Mini Cardamom and Dried Prune Ricotta Cakes
**This post was sponsored by the California Dried Plum Board. As always, all opinions expressed are 100% my own.***
A couple weeks ago I headed west.
Winters, California to be exact.
Like many of us, I had no idea that Northern California was home to farmers that produced plums. But not just any plums. I was there to learn about the extraordinary dried plum.
Now, you might be thinking to yourself, why prunes? No one wants to eat a prune that’s reserved for our grandparents. Believe me, I used to think the same thing. The truth: I fell in love with the whole prune making process. From the farmers to the orchards to the health benefits to the culinary masterpieces you can create with a simple prune.
Our first introduction into prunes took place at the CIA in Napa, California. Here we listened to California farmers talk about why they joined the business, how many dried plums they produce a year (Fun Fact: California produces over 100,000 tons of prunes a year!), and why prunes have always been the steady rock in the agriculture business.
Next, we dove a little deeper and actually did a prune pairing. Did you know that prunes pair well with fresh ginger, anchovies, beer, olives, cheese, prosciutto, pomegranates, fresh mint, butternut squash, walnuts, and feta? And that’s just a small portion. Kind of cool, huh? My favorite combo was definitely the pickled ginger.
After our pairing we were put into teams to make a meal in the CIA test kitchen using prunes. Our team ended up making a simple quinoa salad with roasted cauliflower, prunes, feta, olives, and lemon vinaigrette. Simple, yes, but full of flavor I might add!
Once we concluded our cooking session, we had a chance to dine in the courtyard of the CIA. Chef Peter Sidwell made a meal with – spoiler alert, prunes! First course: crostini of squash, roasted walnut and goat curd with a squash veloute and pickled California prunes. Second course: spiced rump of lamb with rhubarb and California prune compote with labneh and pomegranate. Third course: California prune and lime bakewell.
In true California fashion we ended our first day at prune school with a beautiful dinner outside the CIA Greystone. This gorgeous meal was prepared by Chef Peter Sidwell and Chef Barbara Alexander. Again the meal featured prunes in a culinary explosion. Personal favorite was the Braised Rabbit, California prune and local cider pie with “Waldorf” remoulade.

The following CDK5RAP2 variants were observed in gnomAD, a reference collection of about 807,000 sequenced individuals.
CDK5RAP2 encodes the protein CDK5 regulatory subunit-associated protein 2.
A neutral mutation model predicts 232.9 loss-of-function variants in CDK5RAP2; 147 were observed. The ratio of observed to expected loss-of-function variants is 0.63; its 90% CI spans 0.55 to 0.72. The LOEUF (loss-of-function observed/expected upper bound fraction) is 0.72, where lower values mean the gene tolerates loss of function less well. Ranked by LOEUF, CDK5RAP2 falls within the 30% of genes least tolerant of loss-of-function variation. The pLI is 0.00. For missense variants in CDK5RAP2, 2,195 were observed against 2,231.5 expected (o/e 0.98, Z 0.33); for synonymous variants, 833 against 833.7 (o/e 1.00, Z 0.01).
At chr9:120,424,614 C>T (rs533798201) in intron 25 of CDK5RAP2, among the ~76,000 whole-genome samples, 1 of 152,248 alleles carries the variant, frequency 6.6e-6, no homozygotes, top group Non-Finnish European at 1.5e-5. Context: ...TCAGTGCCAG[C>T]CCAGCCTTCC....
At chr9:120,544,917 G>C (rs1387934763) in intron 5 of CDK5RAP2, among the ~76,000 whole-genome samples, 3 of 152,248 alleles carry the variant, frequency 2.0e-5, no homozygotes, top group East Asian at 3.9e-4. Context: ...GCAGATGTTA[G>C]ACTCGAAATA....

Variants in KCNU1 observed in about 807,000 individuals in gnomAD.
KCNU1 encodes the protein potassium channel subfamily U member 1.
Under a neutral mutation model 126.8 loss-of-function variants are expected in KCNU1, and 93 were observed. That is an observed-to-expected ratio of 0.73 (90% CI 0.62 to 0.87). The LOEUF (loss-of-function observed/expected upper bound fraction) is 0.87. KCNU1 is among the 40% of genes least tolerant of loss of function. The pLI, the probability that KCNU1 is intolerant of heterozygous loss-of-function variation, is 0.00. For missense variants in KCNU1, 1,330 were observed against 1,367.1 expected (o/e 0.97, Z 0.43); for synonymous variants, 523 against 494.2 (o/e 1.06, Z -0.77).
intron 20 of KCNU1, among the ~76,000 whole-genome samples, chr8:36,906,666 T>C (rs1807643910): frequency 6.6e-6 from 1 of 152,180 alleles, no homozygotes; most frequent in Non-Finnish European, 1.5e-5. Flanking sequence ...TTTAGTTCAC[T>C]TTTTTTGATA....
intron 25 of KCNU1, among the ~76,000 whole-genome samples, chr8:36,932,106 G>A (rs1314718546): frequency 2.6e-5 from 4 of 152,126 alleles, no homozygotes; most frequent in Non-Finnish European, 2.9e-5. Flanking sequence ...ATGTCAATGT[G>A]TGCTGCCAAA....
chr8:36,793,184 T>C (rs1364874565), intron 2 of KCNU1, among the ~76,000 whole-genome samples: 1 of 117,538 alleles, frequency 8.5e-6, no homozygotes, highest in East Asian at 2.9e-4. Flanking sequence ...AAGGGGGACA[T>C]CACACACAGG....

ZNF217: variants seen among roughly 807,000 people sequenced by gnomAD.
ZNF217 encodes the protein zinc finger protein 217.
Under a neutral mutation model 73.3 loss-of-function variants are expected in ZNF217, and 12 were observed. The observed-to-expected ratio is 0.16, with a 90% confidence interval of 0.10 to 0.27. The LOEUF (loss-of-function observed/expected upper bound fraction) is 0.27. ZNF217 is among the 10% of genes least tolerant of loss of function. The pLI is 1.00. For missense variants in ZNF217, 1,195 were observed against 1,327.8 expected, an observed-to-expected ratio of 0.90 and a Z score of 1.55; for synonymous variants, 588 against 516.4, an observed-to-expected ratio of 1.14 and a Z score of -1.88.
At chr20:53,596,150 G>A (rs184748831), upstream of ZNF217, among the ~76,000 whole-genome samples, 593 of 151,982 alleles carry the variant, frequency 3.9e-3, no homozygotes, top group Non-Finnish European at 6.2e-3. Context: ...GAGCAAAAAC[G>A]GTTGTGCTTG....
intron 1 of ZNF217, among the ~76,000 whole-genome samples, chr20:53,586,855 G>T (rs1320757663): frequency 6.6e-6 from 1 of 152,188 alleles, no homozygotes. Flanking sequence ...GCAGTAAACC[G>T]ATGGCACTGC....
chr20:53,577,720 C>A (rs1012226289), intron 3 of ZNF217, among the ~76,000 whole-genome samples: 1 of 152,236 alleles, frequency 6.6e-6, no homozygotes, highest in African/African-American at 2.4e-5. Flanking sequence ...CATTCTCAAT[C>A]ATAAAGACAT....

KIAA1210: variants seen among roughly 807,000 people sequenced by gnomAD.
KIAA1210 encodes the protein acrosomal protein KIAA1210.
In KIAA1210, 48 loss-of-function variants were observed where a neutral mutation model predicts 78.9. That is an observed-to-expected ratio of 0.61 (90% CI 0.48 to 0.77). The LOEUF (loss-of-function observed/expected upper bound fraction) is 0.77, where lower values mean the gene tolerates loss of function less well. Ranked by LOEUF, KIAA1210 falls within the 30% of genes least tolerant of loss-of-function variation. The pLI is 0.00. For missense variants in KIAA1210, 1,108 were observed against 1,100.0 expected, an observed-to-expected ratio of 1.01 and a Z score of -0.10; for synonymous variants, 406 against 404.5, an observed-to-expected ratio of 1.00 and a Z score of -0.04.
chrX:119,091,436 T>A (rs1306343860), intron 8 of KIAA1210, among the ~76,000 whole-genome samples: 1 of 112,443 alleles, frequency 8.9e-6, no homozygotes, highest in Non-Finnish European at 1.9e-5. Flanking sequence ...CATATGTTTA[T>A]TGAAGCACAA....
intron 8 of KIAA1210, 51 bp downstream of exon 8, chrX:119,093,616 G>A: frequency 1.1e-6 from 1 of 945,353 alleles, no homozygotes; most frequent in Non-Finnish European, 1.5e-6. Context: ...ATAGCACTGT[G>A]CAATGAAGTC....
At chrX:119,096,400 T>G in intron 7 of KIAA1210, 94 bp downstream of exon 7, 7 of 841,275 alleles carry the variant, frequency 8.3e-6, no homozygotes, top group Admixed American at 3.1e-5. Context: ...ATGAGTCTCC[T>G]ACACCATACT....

The next morning we were early to rise because it was time to walk in a prune farmers shoes. Did you know that there is a particular plum tree that produces prunes? Yep, yep. The French Improved is the go-to seed when a farmer wants to produce the best prunes. The reason why is when these plums fall to the ground they don’t spoil!
Walking through the plum orchards was truly a unique experience. Just think one plum tree can produce over 400lbs plums which means lots of prunes in your future.
Like these Mini Cardamom and Dried Prune Ricotta Cakes. Why have one cake when you can have five mini cakes? The ricotta helps keeps the cake fluffy while the prunes add a hint of sweetness without the all the extra sugar. Plus, the addition of cardamom elevates this simple cake to brunch approved status.
Mini Cardamom and Dried Plum Ricotta Cakes
- 1 1/2 cups all-purpose flour
- 1 cup granulated sugar
- 2 tsp baking powder
- 1/2 tsp cardamom
- 3/4 tsp kosher salt
- 3 large eggs
- 1 1/2 cups whole milk ricotta
- 1/2 tsp vanilla extract
- 1 stick unsalted butter, melted and cooled
- 1/2 cup California prunes, roughly chopped
- Confectioners sugar, garnish
- Preheat an oven to 350 degrees. Spray 2 mini (4-inch cake rounds), 2 mini (5-inch cake rounds), 1 4×6 mini loaf pan with non-stick cooking spray. If you want you can replace the mini cake pans and use one 9-inch cake round.
- In a large bowl, combine the first five ingredients. In another large bowl combine eggs, ricotta, vanilla extract and butter. Slowly combine the dry ingredients with the wet ingredients. Once combined, fold in the California prunes.
- Next, divide the batter among the mink cake pans or pour all the batter into the 9-inch cake. Bake the mini cakes for about 30 minutes and the whole cake for about 55 minutes or until an a toothpick inserted into the middle comes out clean.
- Once cooked remove from oven and allow to cool completely before serving and dusting tops with confections sugar.